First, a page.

As Cory Booker campaigns for president, many are asking: have the schools in Newark improved since he was elected mayor in 2006?
Press Release – updated: Jun 13, 2019 12:21 EDT
NEWARK, N.J., June 13, 2019 – A new report by the New Jersey Children's Foundation, a non-profit organization aimed at promoting a fact-based discussion about public education in Newark, finds Newark’s public schools made substantial progress from 2006 through the final year of state control of Newark’s schools in 2018.
Test scores, graduation rates and student growth rates are all up at both district and charter schools. The share of Black students in Newark attending a school that beat the New Jersey test score proficiency average has more than quadrupled, from 7% in 2006 to 31% in 2018, according to A New Baseline: Progress in Newark’s District and Charter Schools from 2006 to 2018, published today by MarGrady Research and the New Jersey Children’s Foundation.
“We can debate the causes, but we shouldn’t debate the facts: the gains made by Newark children are real, and they are meaningful,” said Jesse Margolis, Ph.D., of MarGrady Research.
This new analysis comes as Newark’s Superintendent, Dr. Roger Leon, prepares to release his first strategic plan for the district today. Dr. Leon’s strategic plan will be the first since the state ended its decades-long era of state control.
“As Newark’s leaders put together the first strategic plan under local control in more than 20 years, we hope this report serves as a baseline for measuring progress,” said Kyle Rosenkrans, CEO of the New Jersey Children’s Foundation.
Other key findings include:
● Newark’s citywide public school system climbed from the bottom to the top ranks of other high-poverty school districts in New Jersey, ending in the top bracket. Between 2006 and 2018, when compared to other low-income cities and towns in New Jersey, Newark’s citywide average test score rank has improved from the 39th to the 78th percentile in both reading and math.
● Low-income students in New Jersey (including those in Newark) earned a higher proficiency rate in math and reading than their counterparts in every other PARCC state in 2018.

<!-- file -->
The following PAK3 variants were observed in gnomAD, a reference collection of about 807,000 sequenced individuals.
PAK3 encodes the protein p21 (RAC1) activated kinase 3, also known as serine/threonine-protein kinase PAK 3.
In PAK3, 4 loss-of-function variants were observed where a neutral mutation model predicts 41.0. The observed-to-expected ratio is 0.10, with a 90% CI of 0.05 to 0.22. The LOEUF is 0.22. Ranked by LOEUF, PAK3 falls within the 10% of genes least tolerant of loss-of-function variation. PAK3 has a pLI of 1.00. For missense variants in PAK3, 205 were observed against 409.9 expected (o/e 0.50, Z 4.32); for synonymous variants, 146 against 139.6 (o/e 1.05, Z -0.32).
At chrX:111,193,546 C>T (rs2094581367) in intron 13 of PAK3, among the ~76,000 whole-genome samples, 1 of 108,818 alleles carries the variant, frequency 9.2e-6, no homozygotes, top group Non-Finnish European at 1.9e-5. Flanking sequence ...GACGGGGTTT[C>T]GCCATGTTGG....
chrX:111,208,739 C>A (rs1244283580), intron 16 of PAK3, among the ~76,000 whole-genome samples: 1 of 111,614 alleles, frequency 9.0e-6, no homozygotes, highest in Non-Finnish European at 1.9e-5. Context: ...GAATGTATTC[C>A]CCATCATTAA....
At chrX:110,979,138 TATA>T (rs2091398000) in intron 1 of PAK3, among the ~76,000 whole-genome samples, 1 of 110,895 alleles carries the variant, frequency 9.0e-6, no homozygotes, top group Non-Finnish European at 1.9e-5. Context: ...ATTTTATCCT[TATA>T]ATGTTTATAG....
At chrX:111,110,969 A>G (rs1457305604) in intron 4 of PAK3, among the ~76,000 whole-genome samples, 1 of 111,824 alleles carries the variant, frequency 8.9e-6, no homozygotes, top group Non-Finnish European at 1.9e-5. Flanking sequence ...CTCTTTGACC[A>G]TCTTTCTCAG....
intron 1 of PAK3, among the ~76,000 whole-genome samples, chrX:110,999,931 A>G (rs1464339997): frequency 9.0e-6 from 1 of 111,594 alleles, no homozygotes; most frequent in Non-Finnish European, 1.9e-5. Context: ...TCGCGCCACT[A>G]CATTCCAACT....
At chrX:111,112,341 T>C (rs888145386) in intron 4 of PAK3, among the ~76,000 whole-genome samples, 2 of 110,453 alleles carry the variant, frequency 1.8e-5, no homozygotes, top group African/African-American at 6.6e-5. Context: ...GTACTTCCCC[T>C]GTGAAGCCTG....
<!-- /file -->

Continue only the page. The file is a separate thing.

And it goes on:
● Newark’s charters have shown particularly strong test score gains, and in 2018, as a sector, they beat the state proficiency rate for the first time in both math and reading.
● The citywide four-year graduation rate has risen from 63% in 2011 to 77% in 2018 and closed the gap with the state by seven percentage points.
● More parents are choosing to enroll their children in Newark’s public schools. K-12 enrollment has stabilized in district schools while continuing to grow in charters, and citywide enrollment in 2018 topped 50,000 for the first time in at least two decades.
The report also finds that Newark has more progress to make. Despite citywide gains in both charter and district schools, over 15,000 children in Newark – roughly 30% of the city’s students – still attend low growth, low proficiency schools.
The new report builds upon a report released by MarGrady Research nearly two years ago, by adding the most recently available data to reflect Newark school performance up to the point of last year’s transfer of local control. It also looks at the city’s performance in several new ways–including, disaggregated charter and district school data, providing a national comparison to other high-poverty districts across the country, and analyzing school-level data in Newark.
Along with today’s release of the full report, all of the data is being shared online in an interactive portal, so that Newark’s parents and policymakers can take a closer look at individual schools and important trends. The New Jersey Children’s Foundation plans to update the data and track the next phase of Newark’s educational progress.
About the New Jersey Children’s Foundation:
The New Jersey Children’s Foundation is a new, nonprofit organization aimed at promoting a fact-based discussion about public education in Newark. Our mission is to invest in people, programs and partnerships that will improve public education systems by putting the interests of children first. Our vision is that every child will break down the walls of inequity through the creation of high-quality public education systems. Our theory of change is that when communities are armed with accurate information about public education and given the tools to act, cities will demand great schools for every student.
About MarGrady Research:
MarGrady Research helps education leaders make better-informed decisions to improve the lives of students. It does this through rigorous analysis of data, clear and insightful presentation of results, and the development of lasting partnerships with the school districts, foundations and other education organizations it works with. See more at www.margrady.com.
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Source: New Jersey Children's Foundation
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